Emotional benefits from friendships differ for Black, white Americans
Black Americans and white Americans may receive different benefits from their networks of friends, family ties and other relationships, according to a University of Michigan researcher.
A new study from U-M postdoctoral scholar Crystal Ng shows that while white American adults receive a positive boost to their mood through interactions with friends, Black Americans generally receive the same mood boost only from interacting with members of their family, church or other personal communities.
While some younger Black participants in the study reported a similar benefit to their moods as white respondents generally did, overall, Black respondents said they did not receive the same benefit from interacting with friends.
“The main finding is that interactions with friends were associated with a momentary increase in positive mood, but only among white adults and selective age groups of younger Black adults (aged 41 or younger),” Ng said. “In contrast, Black individuals, and not white individuals, showed an increased positive mood when interacting with all other social ties including spouses, extended family members and other nonfamily ties, like church members.”
Ng, who has appointments at U-M’s Institute for Social Research and Michigan Medicine’s Department of Physical Medicine and Rehabilitation, surveyed 169 adults of all ages from ISR’s Stress and Well-being in Everyday Life Study.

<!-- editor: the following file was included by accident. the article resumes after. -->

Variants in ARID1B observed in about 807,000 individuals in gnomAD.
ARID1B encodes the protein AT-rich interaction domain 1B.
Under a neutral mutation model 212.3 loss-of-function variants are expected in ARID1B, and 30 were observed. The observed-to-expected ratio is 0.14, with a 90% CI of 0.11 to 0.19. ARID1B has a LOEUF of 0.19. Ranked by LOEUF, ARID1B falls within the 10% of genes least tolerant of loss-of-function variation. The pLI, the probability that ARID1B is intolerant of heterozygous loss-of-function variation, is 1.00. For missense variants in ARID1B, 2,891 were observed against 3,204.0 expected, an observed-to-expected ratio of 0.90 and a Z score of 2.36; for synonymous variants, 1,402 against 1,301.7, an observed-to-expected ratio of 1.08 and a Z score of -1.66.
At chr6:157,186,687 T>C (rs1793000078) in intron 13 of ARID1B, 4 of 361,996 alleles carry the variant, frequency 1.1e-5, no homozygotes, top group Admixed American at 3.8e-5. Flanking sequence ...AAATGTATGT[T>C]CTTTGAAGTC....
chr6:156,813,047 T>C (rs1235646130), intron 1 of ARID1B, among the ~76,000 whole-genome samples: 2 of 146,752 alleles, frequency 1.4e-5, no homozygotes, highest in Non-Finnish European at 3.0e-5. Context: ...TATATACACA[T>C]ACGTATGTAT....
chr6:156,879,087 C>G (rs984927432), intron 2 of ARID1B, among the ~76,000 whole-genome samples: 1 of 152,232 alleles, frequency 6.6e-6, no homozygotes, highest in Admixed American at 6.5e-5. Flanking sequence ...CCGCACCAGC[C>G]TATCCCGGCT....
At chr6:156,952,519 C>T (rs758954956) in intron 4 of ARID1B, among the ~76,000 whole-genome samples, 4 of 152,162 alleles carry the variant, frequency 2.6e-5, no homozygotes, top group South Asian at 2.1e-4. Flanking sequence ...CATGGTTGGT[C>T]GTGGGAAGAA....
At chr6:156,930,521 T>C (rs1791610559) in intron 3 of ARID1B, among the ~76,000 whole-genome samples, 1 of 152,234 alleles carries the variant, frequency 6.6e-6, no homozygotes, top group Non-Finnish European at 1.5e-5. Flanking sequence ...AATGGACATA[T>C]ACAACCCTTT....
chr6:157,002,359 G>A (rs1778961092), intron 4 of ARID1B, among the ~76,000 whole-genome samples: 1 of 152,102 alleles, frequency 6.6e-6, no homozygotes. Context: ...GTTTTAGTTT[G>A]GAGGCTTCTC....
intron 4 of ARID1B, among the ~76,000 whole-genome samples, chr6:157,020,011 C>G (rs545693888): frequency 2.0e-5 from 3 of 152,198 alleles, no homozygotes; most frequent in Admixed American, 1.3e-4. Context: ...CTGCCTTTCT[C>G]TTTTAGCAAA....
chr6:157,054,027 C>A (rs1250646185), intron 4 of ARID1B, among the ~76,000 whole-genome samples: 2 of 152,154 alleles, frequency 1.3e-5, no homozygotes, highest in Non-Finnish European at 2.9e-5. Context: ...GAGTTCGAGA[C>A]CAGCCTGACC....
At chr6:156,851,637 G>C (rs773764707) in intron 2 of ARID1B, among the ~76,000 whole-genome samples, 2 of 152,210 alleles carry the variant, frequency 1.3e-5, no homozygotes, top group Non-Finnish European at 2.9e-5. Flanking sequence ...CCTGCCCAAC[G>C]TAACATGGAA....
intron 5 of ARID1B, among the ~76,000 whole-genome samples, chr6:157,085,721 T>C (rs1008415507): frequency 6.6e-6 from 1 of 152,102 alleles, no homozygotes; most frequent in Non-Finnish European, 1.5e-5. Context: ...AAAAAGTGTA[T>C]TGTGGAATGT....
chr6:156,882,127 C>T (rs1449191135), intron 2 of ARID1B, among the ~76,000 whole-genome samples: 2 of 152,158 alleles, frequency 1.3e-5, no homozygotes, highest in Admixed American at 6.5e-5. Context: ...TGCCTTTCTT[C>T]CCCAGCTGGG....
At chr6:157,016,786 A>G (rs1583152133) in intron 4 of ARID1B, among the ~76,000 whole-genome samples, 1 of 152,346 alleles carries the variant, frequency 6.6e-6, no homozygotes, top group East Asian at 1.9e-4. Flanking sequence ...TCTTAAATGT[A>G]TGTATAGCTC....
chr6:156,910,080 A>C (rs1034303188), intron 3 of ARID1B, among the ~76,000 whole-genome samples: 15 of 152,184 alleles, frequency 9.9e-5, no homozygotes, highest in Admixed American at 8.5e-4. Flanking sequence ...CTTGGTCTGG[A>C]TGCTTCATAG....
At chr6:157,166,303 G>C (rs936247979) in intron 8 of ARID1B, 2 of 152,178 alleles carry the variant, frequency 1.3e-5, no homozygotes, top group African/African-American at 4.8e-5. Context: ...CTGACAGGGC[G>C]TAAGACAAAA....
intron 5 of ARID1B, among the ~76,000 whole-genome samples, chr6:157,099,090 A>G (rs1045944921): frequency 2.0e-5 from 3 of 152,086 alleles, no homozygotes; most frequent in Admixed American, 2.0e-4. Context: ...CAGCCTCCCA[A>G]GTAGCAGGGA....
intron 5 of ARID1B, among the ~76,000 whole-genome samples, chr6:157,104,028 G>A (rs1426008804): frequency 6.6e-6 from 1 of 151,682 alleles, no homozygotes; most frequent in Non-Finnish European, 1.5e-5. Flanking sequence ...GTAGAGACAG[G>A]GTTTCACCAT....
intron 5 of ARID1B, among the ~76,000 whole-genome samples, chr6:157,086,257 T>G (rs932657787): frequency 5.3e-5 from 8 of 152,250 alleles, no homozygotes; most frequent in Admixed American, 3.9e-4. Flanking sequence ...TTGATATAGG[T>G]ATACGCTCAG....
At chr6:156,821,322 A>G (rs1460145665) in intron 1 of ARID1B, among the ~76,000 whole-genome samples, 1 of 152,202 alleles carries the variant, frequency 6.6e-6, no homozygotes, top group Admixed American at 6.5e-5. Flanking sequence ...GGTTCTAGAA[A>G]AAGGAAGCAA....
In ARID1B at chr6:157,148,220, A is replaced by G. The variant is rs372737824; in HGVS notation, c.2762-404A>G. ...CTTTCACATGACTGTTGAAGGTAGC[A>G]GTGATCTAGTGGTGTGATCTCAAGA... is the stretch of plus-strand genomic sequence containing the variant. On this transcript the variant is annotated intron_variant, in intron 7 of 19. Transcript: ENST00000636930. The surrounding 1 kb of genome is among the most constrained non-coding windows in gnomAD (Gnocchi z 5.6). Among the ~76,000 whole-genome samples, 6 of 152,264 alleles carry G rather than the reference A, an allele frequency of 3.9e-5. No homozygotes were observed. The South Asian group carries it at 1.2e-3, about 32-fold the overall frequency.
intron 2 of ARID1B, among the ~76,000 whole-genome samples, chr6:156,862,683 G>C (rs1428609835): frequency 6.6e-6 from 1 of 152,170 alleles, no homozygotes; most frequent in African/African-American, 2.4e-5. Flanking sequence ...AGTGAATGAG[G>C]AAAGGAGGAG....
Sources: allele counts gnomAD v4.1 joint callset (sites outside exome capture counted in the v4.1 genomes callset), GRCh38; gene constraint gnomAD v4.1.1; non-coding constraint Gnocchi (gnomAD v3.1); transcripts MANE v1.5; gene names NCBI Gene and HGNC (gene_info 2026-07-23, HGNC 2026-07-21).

Participants were asked questions about their moods and interactions (face to face, phone, texts, social media and email) with friends, family and others several times a day over a four-day period. The responses were recorded electronically via a study smartphone provided to the participants.
Regardless of race, age or how they interacted with their friends, the value of friendships came through in the study, said Ng, who believes governments and other policymakers should take note.
The study, appearing in the Gerontologist, the journal of the Gerontological Society of America, was conceived in an effort to examine the potential limits that various elements of structural racism in American society may have on friendships among Black adults.
Developing and maintaining friendships can take a great deal of time, effort and resources, and minority groups may not have the same access to those resources as others, leading to weaker friendships, Ng said.
“Friendship is a potentially modifiable social resource,” she said. “Technically speaking, you can’t ask people to have more family members. But you can potentially encourage individuals to form more friendships or reach out to existing friends. So, if governments and communities can devise or organize activities for people to interact with their friends or facilitate the formation of more friendships, that can be impactful.”